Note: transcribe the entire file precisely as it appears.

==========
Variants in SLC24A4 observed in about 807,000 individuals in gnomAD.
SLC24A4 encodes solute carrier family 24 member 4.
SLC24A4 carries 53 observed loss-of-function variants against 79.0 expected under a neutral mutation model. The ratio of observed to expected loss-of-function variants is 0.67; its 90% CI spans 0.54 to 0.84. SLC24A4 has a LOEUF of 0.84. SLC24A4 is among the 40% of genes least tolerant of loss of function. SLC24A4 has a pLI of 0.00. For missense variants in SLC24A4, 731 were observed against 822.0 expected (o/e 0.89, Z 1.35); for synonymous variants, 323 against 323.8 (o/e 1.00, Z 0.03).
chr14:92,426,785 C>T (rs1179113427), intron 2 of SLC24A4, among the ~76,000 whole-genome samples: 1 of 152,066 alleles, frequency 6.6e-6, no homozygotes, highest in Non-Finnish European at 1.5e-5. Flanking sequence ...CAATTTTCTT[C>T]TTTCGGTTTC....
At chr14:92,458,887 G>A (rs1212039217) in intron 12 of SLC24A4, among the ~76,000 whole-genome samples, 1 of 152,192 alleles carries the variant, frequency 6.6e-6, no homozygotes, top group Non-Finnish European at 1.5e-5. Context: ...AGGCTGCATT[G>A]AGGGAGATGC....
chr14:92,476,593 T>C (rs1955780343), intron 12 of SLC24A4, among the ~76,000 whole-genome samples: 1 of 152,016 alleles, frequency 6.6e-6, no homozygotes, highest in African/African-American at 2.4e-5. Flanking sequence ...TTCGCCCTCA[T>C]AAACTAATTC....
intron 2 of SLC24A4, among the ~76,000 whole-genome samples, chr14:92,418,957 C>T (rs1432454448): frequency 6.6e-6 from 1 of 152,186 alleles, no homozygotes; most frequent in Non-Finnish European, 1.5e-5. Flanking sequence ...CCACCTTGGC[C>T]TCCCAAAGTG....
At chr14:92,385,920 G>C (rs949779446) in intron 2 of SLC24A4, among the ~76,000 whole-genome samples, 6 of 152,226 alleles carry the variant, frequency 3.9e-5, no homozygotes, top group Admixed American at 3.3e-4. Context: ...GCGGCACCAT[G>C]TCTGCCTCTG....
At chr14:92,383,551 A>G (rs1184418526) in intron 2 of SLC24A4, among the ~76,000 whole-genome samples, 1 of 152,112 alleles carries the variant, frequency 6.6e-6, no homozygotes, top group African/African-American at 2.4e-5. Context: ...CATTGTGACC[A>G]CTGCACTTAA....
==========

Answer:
Variants in SLC24A4 observed in about 807,000 individuals in gnomAD.
SLC24A4 encodes solute carrier family 24 member 4.
SLC24A4 carries 53 observed loss-of-function variants against 79.0 expected under a neutral mutation model. The ratio of observed to expected loss-of-function variants is 0.67; its 90% CI spans 0.54 to 0.84. SLC24A4 has a LOEUF of 0.84. SLC24A4 is among the 40% of genes least tolerant of loss of function. SLC24A4 has a pLI of 0.00. For missense variants in SLC24A4, 731 were observed against 822.0 expected (o/e 0.89, Z 1.35); for synonymous variants, 323 against 323.8 (o/e 1.00, Z 0.03).
chr14:92,426,785 C>T (rs1179113427), intron 2 of SLC24A4, among the ~76,000 whole-genome samples: 1 of 152,066 alleles, frequency 6.6e-6, no homozygotes, highest in Non-Finnish European at 1.5e-5. Flanking sequence ...CAATTTTCTT[C>T]TTTCGGTTTC....
At chr14:92,458,887 G>A (rs1212039217) in intron 12 of SLC24A4, among the ~76,000 whole-genome samples, 1 of 152,192 alleles carries the variant, frequency 6.6e-6, no homozygotes, top group Non-Finnish European at 1.5e-5. Context: ...AGGCTGCATT[G>A]AGGGAGATGC....
chr14:92,476,593 T>C (rs1955780343), intron 12 of SLC24A4, among the ~76,000 whole-genome samples: 1 of 152,016 alleles, frequency 6.6e-6, no homozygotes, highest in African/African-American at 2.4e-5. Flanking sequence ...TTCGCCCTCA[T>C]AAACTAATTC....
intron 2 of SLC24A4, among the ~76,000 whole-genome samples, chr14:92,418,957 C>T (rs1432454448): frequency 6.6e-6 from 1 of 152,186 alleles, no homozygotes; most frequent in Non-Finnish European, 1.5e-5. Flanking sequence ...CCACCTTGGC[C>T]TCCCAAAGTG....
At chr14:92,385,920 G>C (rs949779446) in intron 2 of SLC24A4, among the ~76,000 whole-genome samples, 6 of 152,226 alleles carry the variant, frequency 3.9e-5, no homozygotes, top group Admixed American at 3.3e-4. Context: ...GCGGCACCAT[G>C]TCTGCCTCTG....
At chr14:92,383,551 A>G (rs1184418526) in intron 2 of SLC24A4, among the ~76,000 whole-genome samples, 1 of 152,112 alleles carries the variant, frequency 6.6e-6, no homozygotes, top group African/African-American at 2.4e-5. Context: ...CATTGTGACC[A>G]CTGCACTTAA....